FME: Is this family-with-benefits, boyfriend/girlfriend, or what?

I would say our relationship is very much like a girlfriend/boyfriend one.

FME: Did you have an opinion about consanguineous relationships before this happened?

I really didn't give much thought about it. It was only after my brother and I started our relationship that I read about other consanguineous relationships.

FME: Do you have these feelings for any other family member?

I do have a bit of a crush on my dad. He and I have spent a lot of time together throughout the years. So we've always shared a close bond. Whether or not I'll act on my feelings remains to be seen. 

FME: So you've had to keep the relationship secret from everyone?

I fear that if it was exposed it wouldn't turn out well.

FME: Are you able to act like lovers in public?

I try to show some restraint. My brother, on the other hand, tends to get a bit touchy/feely at times.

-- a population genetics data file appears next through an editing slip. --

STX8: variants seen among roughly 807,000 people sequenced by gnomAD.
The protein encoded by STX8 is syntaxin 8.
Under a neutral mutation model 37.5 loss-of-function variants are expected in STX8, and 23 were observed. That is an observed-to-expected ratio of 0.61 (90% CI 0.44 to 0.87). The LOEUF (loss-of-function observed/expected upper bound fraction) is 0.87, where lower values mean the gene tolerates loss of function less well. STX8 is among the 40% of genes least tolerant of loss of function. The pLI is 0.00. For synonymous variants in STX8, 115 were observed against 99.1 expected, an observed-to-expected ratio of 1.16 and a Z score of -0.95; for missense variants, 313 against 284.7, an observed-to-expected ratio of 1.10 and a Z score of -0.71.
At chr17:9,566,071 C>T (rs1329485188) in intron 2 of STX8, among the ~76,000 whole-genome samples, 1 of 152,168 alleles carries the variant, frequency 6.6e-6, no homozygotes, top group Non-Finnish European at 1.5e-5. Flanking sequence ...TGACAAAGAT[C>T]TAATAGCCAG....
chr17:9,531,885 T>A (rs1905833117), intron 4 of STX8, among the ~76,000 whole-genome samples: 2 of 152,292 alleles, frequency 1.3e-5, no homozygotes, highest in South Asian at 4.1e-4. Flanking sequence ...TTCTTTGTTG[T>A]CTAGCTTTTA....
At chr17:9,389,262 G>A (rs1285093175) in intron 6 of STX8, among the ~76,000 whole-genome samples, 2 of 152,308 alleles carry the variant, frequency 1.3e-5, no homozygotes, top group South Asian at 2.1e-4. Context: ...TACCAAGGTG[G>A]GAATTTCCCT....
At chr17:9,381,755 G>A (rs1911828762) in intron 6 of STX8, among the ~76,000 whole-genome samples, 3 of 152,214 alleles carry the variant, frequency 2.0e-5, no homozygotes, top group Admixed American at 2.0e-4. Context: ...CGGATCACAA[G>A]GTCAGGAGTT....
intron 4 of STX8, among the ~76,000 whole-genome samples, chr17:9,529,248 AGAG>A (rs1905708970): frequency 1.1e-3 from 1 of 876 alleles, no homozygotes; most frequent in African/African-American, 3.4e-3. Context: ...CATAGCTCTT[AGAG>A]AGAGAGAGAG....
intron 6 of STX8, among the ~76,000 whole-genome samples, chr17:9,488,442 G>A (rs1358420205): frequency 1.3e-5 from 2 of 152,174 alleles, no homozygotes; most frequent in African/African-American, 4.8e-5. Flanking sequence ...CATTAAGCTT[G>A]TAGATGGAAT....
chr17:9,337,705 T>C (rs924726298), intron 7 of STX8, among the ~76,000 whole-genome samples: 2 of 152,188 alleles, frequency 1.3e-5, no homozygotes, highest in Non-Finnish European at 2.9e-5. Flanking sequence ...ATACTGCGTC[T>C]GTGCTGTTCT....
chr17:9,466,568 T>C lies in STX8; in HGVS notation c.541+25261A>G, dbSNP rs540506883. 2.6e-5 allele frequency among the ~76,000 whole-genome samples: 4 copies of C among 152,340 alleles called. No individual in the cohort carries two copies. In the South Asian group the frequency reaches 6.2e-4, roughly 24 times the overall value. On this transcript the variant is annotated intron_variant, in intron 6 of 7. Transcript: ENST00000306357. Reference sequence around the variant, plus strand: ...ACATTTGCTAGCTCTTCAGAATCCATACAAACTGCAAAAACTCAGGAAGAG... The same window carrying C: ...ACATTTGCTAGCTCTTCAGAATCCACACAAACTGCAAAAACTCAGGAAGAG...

FME: That's a disadvantage, not being able to be together naturally in public, isn't it?

I wish we could be open in public as a couple. But it's very much a closed door type of thing. Besides the relationship with my brother, I've had to hide a few. A lot of the men I've been with were much older.

FME: Do you think consanguinamorous relationships have an advantage over other relationships?

Absolutely. Growing up and knowing each other definitely helps. There's a lot of love and trust there. We both know what we like and don't like.

FME: What do you say to people who oppose these relationships?

People who are against it really need to find their own business. Couples like my brother and I aren't hurting anyone.

FME: If you could get legally married, would you?

If we could I would definitely marry my brother.

FME: Do you have advice for anyone considering a relationship like this?

Take it slow. Make sure the sibling is consenting. Don't force yourself. Just remember for anyone in a consanguinamorous relationship: you're not alone.

FME: Any plans for the future?

Nothing set in stone. We may have children in the future.

FME: Anything else to say?

Just thank you for the interview.


There you have it. They are consenting adults who aren't hurting anyone and yet they have to keep their relationship a secret or face discrimination and denial of their rights simply for loving each other. They are happy and in love, yet they are denied their fundamental right to marry.